Sunday, 25 January 2015

Memes and the "machines only do what you tell them to" fallacy

I've finished reading and reviewing Probably Approximately Correct: Nature's Algorithms for Learning and Prospering in a Complex World by Leslie Valiant.

It didn't make it into my review, but one comment in the book seemed especially naive to me. Leslie says:

The most singular capability of living organisms on Earth must be that of survival. Anything that survives for billions of years, and many millions of generations, must be good at it. Fortunately, there is no reason for us to endow robots with this same capability. Even if their intelligence becomes superior to ours in a wide range of measures, there is no reason to believe that they would deploy this in the interests of their survival over ours unless we go out of our way to make them do just that. We have limited fear of domesticated animals. We do not necessarily have to fear intelligent robots either. They will not resist being switched off, unless we provide them with the same heritage of extreme survival training that our own ancestors had been subject to on Earth.
For most readers familiar with the topic of machine intelligence it is probably obvious why this is wrong. Survival is a universal instrumental value. You typically don't need to deliberately program it in.

I think a basic smattering of memetics could have avoided this error. Memes are evolved to be good at surviving, just as genes are. They too have extended evolutionary histories during which they are subject to natural selection. This is likely to be true of intelligent machines, just as it is true of many cultural entities today. Today's cultural entities may not have survived for billions of years - but they often have a good number of generations behind them - and many of them plainly exhibit adaptations for survival.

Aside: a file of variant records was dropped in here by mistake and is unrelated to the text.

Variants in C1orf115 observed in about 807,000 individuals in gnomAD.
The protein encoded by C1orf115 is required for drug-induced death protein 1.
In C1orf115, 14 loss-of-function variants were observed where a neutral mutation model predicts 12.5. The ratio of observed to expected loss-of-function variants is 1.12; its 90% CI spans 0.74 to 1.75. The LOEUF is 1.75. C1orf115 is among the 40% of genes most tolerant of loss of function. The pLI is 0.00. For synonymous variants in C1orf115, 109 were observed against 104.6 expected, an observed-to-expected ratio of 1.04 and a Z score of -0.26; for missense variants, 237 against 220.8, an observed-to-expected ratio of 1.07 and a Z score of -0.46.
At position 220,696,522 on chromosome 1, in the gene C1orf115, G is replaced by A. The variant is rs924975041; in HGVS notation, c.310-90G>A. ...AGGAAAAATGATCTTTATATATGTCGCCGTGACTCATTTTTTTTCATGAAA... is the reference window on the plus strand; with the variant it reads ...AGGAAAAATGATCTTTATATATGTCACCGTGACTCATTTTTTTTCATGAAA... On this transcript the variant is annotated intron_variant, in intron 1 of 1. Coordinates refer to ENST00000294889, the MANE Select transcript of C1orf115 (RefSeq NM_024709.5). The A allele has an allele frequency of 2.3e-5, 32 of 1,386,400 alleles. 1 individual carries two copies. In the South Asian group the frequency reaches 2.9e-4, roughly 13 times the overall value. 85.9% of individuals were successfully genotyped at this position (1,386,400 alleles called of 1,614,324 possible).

Machine intelligence enthusiasts tread a difficult line. On the one hand they don't want to exaggerate the dangers of their products - since Terminator-savvy consumers may agree with them. On the other hand, they should not exaggerate the safety of their product category - or they will appear over-confident about the potential negative side effects of their products. Consumers don't by a hedge trimmers from manufacturers who thinks that hedge trimmers are totally safe and don't need special safety features. I think Leslie is erring too much on the size of being blazeƩ.

One of the reasons I got into memetics in the first place because I believed that a proper science of cultural evolution was too important to be left to cultural anthropologists - who had demonstrably failed to get to grips with the topic for over a hundred years. I think that machine intelligence enthusiasts should take steps to understand this topic. Part of the reason is to avoid making this sort of mistake. We now have a great science of cultural evolution - which is very useful for understanding issues associated with the coming era of intelligent machines. However people have to study and learn about the subject before it is of very much use to them.

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